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Financial Industry in 2021: 5 things that may impact the sector

Coronavirus has disrupted the functioning of all major industries and the finance sector was one among the worst hit. This year, we are likely to see a risk averse industry, as fintechs and banks alike move into survival mode. Yet, this will also spur innovation. The shift away from cash will give a shot in the arm to digital payments, while lenders in particular will have to get creative to balance their risk against the need to dispense funds.

Here are five core trends that can have a major impact in 2021:

Lenders will seek improved visibility to combat delinquency: Businesses particularly, SMEs need liquidity to survive. Money lenders are focussing on enabling visibility and control after a loan is dispensed in order to balance risk with need. This way lenders will not release funds in lump sum but as and when it is needed. They also have the power to reject or approve payments in real-time, based on whether the request is aligned with the terms of the loan agreement.

Embedded payments to become more commonplace: Embedded payments has been around a long time where payments are so integral to the customer experience that it doesn’t even feel like you’re paying anymore. In the coming years, we will see an expansion in payment methods as the options available are wider now. Use of cash to drop below 15%, falling from 23% of all payments in 2019: The UK and Europe’s departure from cash is expected to continue to evolve. Physical cards will begin to rise in digital payment methods – virtual cards, digital wallets, and the likes of Apple Pay and Google Pay. Banks should turn towards preparing for this shift.

Back-end bank modernisation set to continue: Traditional banks are recognising the need to innovate faster, particularly on the front-end, to compete with the new waves of digital banks and fintech entering the market. While we will see continued modernisation on the back-end, as they try to unpick the complex web of legacy systems they sit upon, one would not expect this issue to be fixed in a year. Instead of taking on the risk of full migration, many banks will leave core services in place that are too risky to move, whilst shifting towards newer services.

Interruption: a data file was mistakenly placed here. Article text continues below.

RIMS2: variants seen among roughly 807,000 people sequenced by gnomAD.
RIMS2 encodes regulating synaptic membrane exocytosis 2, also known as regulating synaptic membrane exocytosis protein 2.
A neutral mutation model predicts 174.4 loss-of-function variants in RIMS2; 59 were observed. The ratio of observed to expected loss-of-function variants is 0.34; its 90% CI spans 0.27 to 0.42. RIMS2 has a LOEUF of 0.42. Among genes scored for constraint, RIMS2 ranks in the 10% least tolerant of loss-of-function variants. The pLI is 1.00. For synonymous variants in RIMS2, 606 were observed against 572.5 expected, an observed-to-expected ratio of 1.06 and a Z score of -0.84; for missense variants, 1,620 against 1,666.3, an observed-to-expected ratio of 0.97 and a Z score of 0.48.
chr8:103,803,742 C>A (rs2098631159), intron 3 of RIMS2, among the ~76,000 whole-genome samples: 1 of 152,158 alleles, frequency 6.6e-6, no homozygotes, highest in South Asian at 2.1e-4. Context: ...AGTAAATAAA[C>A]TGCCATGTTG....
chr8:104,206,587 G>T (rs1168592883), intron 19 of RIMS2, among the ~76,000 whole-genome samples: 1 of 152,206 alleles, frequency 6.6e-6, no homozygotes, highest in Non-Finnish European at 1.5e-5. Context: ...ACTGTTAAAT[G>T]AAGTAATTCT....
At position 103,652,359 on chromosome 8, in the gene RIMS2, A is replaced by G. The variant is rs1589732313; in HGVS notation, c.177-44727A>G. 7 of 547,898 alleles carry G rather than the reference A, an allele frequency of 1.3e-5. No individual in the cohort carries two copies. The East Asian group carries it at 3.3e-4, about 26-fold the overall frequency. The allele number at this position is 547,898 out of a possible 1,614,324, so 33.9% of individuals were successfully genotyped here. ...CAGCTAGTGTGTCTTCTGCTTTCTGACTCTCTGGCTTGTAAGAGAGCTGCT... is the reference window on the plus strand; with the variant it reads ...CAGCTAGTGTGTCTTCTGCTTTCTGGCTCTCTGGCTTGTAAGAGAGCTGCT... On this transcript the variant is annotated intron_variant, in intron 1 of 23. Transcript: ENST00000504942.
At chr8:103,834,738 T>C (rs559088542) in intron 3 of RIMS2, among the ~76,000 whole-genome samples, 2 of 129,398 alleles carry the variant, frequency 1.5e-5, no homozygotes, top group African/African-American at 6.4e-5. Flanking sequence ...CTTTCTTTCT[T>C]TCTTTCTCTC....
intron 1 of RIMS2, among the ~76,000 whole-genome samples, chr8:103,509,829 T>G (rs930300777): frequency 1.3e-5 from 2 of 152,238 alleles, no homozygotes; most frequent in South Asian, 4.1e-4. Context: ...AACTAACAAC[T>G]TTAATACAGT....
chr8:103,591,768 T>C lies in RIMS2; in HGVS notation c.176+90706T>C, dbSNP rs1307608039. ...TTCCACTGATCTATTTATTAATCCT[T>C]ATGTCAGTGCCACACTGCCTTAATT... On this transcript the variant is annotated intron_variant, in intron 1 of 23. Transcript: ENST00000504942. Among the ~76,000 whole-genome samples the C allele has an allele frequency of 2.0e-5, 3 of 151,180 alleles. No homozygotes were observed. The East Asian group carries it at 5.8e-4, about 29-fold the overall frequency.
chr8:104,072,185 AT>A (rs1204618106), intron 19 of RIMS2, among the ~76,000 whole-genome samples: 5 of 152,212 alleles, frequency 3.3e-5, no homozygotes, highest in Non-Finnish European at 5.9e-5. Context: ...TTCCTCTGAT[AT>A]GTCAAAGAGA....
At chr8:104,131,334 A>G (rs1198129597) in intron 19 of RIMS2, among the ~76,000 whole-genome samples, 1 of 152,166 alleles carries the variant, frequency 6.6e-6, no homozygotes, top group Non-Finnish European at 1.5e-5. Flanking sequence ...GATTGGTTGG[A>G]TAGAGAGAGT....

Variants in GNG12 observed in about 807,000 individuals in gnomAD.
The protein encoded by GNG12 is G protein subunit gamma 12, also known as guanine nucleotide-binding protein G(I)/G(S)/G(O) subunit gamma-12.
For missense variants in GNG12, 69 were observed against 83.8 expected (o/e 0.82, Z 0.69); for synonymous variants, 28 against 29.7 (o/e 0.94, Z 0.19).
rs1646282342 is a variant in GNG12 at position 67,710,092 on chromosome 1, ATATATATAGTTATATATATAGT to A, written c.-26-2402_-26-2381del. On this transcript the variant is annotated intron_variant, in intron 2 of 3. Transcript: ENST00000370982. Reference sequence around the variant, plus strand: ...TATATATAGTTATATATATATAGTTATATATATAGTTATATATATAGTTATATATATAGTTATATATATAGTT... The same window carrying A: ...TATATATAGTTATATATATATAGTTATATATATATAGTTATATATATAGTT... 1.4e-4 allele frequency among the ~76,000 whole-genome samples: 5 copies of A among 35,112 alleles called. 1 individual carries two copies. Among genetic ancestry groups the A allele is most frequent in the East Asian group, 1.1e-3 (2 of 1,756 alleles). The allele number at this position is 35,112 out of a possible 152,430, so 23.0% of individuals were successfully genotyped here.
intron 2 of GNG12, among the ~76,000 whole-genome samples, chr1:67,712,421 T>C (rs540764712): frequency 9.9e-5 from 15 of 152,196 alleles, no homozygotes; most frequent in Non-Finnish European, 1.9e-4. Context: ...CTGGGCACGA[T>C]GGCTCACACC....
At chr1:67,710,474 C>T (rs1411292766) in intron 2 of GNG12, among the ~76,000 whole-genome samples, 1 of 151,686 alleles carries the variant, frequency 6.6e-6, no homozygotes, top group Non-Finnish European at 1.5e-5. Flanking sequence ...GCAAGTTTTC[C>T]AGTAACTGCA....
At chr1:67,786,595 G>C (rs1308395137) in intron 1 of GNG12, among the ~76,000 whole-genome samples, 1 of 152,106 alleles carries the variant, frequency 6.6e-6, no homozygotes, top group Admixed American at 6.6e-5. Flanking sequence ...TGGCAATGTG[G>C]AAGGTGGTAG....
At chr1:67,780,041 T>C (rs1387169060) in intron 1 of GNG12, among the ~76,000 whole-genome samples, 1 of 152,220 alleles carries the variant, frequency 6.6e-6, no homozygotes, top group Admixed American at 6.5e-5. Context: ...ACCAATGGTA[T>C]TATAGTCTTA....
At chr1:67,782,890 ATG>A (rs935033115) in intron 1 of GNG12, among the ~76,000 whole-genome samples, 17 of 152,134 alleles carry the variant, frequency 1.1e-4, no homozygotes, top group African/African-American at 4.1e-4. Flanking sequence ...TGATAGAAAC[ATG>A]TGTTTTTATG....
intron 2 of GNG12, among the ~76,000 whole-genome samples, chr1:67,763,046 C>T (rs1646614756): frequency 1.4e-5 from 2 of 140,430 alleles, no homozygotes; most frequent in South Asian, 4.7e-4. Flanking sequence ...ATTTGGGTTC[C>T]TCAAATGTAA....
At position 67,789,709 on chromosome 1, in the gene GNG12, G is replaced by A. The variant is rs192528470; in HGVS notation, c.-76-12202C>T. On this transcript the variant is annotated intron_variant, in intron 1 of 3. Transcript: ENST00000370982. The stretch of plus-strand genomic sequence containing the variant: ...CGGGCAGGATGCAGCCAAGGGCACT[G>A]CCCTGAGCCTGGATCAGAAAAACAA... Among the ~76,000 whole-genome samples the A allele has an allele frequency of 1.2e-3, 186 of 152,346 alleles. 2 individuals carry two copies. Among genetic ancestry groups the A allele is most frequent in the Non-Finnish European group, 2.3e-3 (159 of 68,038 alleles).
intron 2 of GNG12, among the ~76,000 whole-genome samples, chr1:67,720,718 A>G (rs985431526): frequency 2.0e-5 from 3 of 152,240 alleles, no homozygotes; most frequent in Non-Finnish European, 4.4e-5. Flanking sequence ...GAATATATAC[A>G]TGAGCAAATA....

Alternative lenders will open up the market to support the financial industry recovery: The process of securing a loan has always been quite painful – involving lots of self-reporting, paper statements and credit reports and it takes a long time before the results arrive. Fortunately, it looks like those days might be coming to an end with the emergence of a new breed of alternative lender focused on transforming specific niches of lending. New alternative lenders are changing the stakes. Using data and modern payment platforms, decision making is now a matter of minutes and hours and not months. We are seeing the same in Point of Sale lending with companies, now you can apply for a POS loan and get approved in seconds.  Fintechs to continue leading front-end innovation: Fintechs hold the monopoly on defining what is important in terms of features. From money management tools, to saving incentives, fintechs have  created new, attractive products with a speed and creativity that traditional banks simply cannot stand up to. However, success in this regard is rare. Banks will always act as a back-end while fintechs will continue to serve the customer from the front end.

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Paschal Donohoe, chaired the talks of the ministers in Luxembourg. In a news conference he said that there was also agreement that the inflation spike was not an argument against the transition to renewable sources of energy. This is under the EU’s ambitious plan of reducing CO2 emissions to zero by the year 2050.

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IMF board to interview Georgieva-sources

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The board members spent hours for questioning lawyers from the WilmerHale firm. This is about their World Bank investigation report which alleged that Georgieva, as the bank‘s CEO applied undue pressure on staff, to alter data in the flagship “Doing Business” report to benefit China. Then, an IMF spokesperson said that the IMF board remains committed to a thorough, objective, and timely review of the matter. Georgieva has strongly denied the accusations.

The upcoming interviews could prove pivotal in either increasing support for Georgieva. This is with many IMF shareholders are keen to wrap up the board’s deliberations on the matter. The fund’s most influential member governments, including the top shareholder the United States, have withheld public judgment. The World Bank tasked WilmerHale with investigating the “Doing Business” data irregularities identified in 2020. The law firm’s report contends Georgieva. The former World Bank President Jim Yong Kim’s office pressured staff to manipulate data so that the China’s global ranking in the “Doing Business 2018” study of investment climates rose to 78th from 85th.

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